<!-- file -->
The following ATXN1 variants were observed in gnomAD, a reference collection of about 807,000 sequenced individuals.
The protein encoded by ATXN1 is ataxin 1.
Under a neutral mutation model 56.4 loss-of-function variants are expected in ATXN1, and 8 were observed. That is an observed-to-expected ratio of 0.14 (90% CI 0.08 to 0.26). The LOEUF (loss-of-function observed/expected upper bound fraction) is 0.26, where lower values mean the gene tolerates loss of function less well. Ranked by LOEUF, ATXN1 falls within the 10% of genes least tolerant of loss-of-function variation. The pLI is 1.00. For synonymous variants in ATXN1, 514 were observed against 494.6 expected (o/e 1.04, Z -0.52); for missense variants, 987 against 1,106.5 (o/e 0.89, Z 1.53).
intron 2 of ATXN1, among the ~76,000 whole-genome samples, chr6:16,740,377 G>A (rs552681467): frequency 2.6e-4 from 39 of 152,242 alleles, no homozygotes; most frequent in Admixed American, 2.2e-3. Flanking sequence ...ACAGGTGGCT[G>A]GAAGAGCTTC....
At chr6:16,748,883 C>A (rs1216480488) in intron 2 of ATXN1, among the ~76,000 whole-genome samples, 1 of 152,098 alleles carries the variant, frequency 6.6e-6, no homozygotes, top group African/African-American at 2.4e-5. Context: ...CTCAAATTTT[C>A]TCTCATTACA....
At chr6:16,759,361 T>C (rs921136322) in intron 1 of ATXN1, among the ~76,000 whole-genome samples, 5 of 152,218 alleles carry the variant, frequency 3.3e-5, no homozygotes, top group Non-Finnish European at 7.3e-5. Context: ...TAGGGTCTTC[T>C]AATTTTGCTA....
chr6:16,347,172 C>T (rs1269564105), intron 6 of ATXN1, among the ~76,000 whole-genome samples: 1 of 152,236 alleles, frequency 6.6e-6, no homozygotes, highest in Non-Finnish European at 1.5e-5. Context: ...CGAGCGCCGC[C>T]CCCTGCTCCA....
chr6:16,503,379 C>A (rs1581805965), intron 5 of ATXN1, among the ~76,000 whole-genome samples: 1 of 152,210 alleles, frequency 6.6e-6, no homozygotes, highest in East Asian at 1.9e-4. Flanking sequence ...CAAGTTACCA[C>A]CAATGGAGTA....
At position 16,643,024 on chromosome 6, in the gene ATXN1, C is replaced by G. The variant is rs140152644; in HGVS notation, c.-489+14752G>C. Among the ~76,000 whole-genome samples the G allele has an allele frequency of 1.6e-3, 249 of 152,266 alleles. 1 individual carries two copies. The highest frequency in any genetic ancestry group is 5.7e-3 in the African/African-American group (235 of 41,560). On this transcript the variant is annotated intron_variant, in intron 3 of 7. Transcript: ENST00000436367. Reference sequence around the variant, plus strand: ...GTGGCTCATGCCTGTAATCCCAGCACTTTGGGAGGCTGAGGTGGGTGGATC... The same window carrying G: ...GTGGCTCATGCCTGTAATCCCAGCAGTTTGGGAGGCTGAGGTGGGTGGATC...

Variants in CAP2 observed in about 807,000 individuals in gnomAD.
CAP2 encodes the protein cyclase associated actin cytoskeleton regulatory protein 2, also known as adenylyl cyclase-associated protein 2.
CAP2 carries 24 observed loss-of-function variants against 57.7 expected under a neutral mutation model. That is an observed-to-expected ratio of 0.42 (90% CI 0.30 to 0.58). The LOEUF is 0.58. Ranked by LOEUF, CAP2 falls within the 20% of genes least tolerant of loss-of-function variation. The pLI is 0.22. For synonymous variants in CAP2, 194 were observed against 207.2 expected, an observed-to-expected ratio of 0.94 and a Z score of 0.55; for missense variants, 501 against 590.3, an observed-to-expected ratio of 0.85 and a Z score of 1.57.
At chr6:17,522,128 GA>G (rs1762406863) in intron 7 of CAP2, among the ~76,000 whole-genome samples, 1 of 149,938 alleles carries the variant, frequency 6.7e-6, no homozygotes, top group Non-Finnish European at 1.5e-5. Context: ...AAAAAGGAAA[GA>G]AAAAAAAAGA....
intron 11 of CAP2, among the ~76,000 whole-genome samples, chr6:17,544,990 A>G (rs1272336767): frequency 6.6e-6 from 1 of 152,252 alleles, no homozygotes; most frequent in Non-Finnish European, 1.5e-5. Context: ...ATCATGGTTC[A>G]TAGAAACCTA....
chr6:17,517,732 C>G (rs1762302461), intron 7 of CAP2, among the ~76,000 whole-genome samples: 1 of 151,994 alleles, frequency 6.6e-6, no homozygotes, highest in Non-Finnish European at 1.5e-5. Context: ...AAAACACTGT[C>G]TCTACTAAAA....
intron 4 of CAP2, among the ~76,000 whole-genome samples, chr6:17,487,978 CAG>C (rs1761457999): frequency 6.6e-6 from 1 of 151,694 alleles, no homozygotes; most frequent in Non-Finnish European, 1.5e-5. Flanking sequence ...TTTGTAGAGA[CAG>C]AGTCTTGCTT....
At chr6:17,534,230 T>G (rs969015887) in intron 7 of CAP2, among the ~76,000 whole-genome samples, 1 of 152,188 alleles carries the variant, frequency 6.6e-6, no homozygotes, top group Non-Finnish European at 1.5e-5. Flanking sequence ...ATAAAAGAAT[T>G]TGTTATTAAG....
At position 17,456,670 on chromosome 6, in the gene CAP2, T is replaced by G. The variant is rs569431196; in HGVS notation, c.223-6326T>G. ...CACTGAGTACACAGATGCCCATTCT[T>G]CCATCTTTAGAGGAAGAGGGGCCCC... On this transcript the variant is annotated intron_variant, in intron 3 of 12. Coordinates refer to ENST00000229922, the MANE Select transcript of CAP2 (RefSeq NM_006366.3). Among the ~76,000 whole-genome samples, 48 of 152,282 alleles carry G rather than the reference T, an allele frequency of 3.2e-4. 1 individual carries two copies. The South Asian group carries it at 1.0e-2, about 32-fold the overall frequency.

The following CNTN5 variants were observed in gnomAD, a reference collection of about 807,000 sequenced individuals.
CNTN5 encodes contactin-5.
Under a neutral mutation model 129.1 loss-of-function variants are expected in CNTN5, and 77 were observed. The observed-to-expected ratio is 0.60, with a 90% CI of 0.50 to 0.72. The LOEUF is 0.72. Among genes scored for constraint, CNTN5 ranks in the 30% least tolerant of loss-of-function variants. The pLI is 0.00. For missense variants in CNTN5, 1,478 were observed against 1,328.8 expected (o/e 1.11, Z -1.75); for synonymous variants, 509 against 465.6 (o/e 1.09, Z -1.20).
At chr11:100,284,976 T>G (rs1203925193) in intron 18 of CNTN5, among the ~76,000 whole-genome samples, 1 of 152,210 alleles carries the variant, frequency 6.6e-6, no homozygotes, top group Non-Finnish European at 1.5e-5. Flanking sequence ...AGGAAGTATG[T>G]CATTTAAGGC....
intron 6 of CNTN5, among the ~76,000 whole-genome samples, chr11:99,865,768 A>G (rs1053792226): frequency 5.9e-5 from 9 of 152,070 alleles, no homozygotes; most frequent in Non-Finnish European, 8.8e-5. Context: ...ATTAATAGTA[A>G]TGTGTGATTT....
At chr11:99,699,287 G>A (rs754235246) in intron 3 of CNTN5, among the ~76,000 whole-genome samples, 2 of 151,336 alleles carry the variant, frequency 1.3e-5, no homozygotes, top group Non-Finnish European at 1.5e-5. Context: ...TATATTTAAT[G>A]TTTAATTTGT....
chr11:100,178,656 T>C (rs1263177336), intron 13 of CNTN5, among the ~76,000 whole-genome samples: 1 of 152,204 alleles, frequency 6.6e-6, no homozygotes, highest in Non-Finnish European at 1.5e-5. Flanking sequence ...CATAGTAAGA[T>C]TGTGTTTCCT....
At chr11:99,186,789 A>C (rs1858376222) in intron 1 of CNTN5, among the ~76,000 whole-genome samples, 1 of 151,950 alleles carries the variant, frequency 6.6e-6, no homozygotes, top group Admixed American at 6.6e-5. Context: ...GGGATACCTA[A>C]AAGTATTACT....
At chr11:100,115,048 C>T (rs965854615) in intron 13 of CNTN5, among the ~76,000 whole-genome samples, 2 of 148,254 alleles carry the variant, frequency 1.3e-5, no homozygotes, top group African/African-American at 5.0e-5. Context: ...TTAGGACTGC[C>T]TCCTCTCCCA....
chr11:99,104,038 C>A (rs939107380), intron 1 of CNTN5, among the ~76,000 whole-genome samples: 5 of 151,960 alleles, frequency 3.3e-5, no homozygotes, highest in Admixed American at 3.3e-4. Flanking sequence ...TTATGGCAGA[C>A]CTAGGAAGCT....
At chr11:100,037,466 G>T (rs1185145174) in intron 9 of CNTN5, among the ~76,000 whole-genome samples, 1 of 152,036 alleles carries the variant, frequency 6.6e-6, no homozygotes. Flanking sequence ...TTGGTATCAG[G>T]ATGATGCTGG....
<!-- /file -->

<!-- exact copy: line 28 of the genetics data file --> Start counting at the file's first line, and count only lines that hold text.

chr11:99,104,038 C>A (rs939107380), intron 1 of CNTN5, among the ~76,000 whole-genome samples: 5 of 151,960 alleles, frequency 3.3e-5, no homozygotes, highest in Admixed American at 3.3e-4. Flanking sequence ...TTATGGCAGA[C>A]CTAGGAAGCT....